Across the three nights, there will be seven 15-minute displays. Starting on Friday, last year’s winners Illusion Fireworks Ltd are set to open the event with an exhibition display, followed by six competitors over the weekend.
During last year’s competition, over two tonnes of explosive material was used with the total weight of fireworks used in excess of 10 tonnes. Each show required around 5 kilometres of wire to connect up the electrical circuits and around 15 technicians working for over 12 hours to set up the display.
It promises to be just as exciting this year and after all, what better way to send September off than with a big bang and explosions in the sky?
Look Photo Biennial
Williamson Art Gallery, Wirral
September 27 – November 24
A bridge between chapter one and chapter two of LOOK Photo Biennial 2019 this exhibition was first shown in China, at Pingyao Photography Festival.
This show takes a unique approach to the depiction of Britain and its distinct landscapes, industries, social and economic changes, cultural traditions, traits and events as seen through the eyes of twelve of the most significant and impactful established and emerging photographers working in Britain over the last six decades.
The exhibition looks at the gentle, the humorous, the starkness, the beauty and the realities experienced and captured by the photographers around their lives living and working in Britain.
Artists include Martin Parr, Chris Killip, Marketa Luskacova, John Myers, Elaine Constantine, Tish Murtha archive, Daniel Meadows, Ken Grant, Robert Darch and Kirsty Mackay.
Everyman and Playhouse comedy season
Various dates: September – October
Throughout September and October, some the UK’s best comedians will play Liverpool, with highly anticipated debuts, musical anarchists and comedy legends part of an exciting programme.
Sindhu Vee kicks off the autumn 2019 season at the Everyman on September 12. In Sindhu’s debut tour Sandhog, the Radio 4 Comedy of the Week podcast host tells audiences of the intense hard work that is required to love her children, spouse and ageing parents (in that order). But who wants to live without love?
Jonny & The Baptists return to the Everyman on September 13 following their performance in Lefty Scum with Josie Long in 2017. The politically-charged musical comedy duo presents Love Liverpool & Hate B*stards. Performed at this year’s Fringe, the ‘hard-hitting show with a soft centre’ received critical acclaim, including four stars in The Guardian.
Comedy legend Griff Rhys Jones visits the Everyman for one night on September 14. The Smith & Jones and Not the Nine O’ Clock News star presents an evening of hilarious true stories, riffs, observations and details of his recent medical procedures. A show packed with wit and insight into the pains of celebrity, the unpredictability of parenthood and encounters with the great, the good and even the Royal.
For five sold-out nights at the Everyman from 17-21 September 17-21, celebrated comedian Daniel Kitson presents Keep. – a show about, in short, the stuff in Daniel’s house and the thoughts in his head. Returns for Daniel’s show will be announced via the Everyman and Playhouse Twitter account
The Playhouse welcomes Justin Moorhouse on October 12 on an extensive UK tour. Following its success at the 2018 Fringe, the former Phoenix Nights actor presents his show Northern Joker. Discussing the certainty of his own uncertainty, Moorhouse tackles his feelings of redundancy as a parent, politics and an ageing dog, all while contemplating if the Northern straight white male comedian has gone the way of the dinosaurs.
Taking his interview podcast on the road, Richard Herring will bring the Richard Herring Leicester Square Theatre Podcast (RHLSTP) live to the Playhouse on October 23. Described as “the best celeb interviewer in Britain” by the Guardian, Herring and a special guest will chat on the Playhouse stage, featuring all the libellous claims too controversial to podcast.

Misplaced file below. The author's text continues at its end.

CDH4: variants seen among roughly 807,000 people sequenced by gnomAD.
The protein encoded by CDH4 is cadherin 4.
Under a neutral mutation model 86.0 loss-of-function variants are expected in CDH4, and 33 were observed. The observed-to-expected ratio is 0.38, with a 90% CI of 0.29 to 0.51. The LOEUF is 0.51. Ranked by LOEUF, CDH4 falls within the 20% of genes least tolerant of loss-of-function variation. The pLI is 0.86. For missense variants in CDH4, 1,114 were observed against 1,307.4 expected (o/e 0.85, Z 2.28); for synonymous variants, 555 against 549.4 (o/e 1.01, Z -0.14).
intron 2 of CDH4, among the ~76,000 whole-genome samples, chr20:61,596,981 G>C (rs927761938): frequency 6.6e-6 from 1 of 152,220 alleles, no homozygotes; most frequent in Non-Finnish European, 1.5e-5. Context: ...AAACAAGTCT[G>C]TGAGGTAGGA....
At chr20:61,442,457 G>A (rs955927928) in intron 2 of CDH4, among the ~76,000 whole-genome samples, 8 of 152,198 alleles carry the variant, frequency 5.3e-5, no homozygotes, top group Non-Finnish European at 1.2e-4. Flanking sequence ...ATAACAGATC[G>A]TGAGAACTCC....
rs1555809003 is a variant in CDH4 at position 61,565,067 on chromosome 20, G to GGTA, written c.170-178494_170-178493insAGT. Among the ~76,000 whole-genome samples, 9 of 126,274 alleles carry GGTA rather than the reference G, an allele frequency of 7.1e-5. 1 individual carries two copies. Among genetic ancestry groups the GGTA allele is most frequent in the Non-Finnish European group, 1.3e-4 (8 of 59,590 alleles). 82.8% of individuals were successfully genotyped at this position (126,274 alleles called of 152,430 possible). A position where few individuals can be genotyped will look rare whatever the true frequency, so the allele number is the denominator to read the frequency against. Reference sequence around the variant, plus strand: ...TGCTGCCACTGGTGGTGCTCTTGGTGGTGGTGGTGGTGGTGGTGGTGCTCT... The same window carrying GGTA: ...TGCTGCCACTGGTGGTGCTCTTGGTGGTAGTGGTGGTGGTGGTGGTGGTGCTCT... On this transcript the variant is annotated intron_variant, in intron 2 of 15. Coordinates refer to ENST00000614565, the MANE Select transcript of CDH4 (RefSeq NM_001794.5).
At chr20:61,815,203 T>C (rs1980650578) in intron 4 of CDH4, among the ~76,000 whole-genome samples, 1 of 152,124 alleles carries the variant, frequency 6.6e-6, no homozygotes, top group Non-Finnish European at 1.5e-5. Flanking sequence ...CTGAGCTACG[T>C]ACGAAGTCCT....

The busy autumn comedy programme coincides with this year’s Liverpool Comedy Festival. Sindhu Vee, Jonny and the Baptists, Justin Moorhouse and Richard Herring are all performing as part of the festival.
June 5 – September 27 2020
Tate Liverpool has announced a major retrospective of the legendary British photographer Don McCullin as its Summer exhibition in 2020. Following the huge success of Don McCullin at Tate Britain in Spring 2019, the exhibition will tour to Tate Liverpool where it will be on display from June 5 until September 27 2020.
Exclusively for its presentation at Tate Liverpool it will feature a number of additional images, not shown in Tate Britain, of Liverpool and the wider region. Featuring more than 250 photographs, the exhibition showcases some of his most impactful photographs captured over the last 60 years.
It features many of his iconic war photographs, including images from Vietnam, Northern Ireland and more recently Syria. But it also focuses on the work he did at home in the UK, recording scenes of poverty and working-class life in the industrial North and London’s East End, as well as meditative landscapes of his beloved Somerset, where he lives.
Alongside McCullin’s hand-printed silver gelatin prints, the exhibition also includes the photographer’s magazine spreads, contact sheets, his helmet and the Nikon camera which took a bullet for him in Cambodia.
Having been born into a working-class family in London, McCullin identified with the most deprived parts of the north of the UK, including areas of Bradford and Liverpool. He recognised his own origins in the conditions of those he photographed and was committed to the practice of ‘reporting back’and publicly highlighting these areas that were largely unseen by the British middle classes.
Helen Legg, Director, Tate Liverpool, said: ‘The public and critical response to the exhibition at Tate Britain was overwhelmingly positive and we’re thrilled to be bringing this large-scale show to Liverpool.
We hope audiences will enjoy this opportunity to see his powerful images which cover the major conflicts of the last half century alongside McCullin’s historic images of Liverpool and the wider north of England.’
Don McCullin said ‘I first visited Liverpool as a boy of fifteen when I worked on a steam train that went into the city three or four times a week. As a young man I returned as a photojournalist. I spent time with artists and poets including Adrian Henri and Brian Patten for a Telegraph Magazine story written by Roger McGough; documented the police for The Sunday Times in the 1970s; and collaborated with Jonathan Miller on an assignment for The Observer.
It was a unique city but felt familiar to me as someone who grew up in an area that was also left impoverished by policies of deindustrialisation. I’m delighted to be showing my work at Tate Liverpool and to have the opportunity to return to the city, a place I love and has played a major part in my life and career.’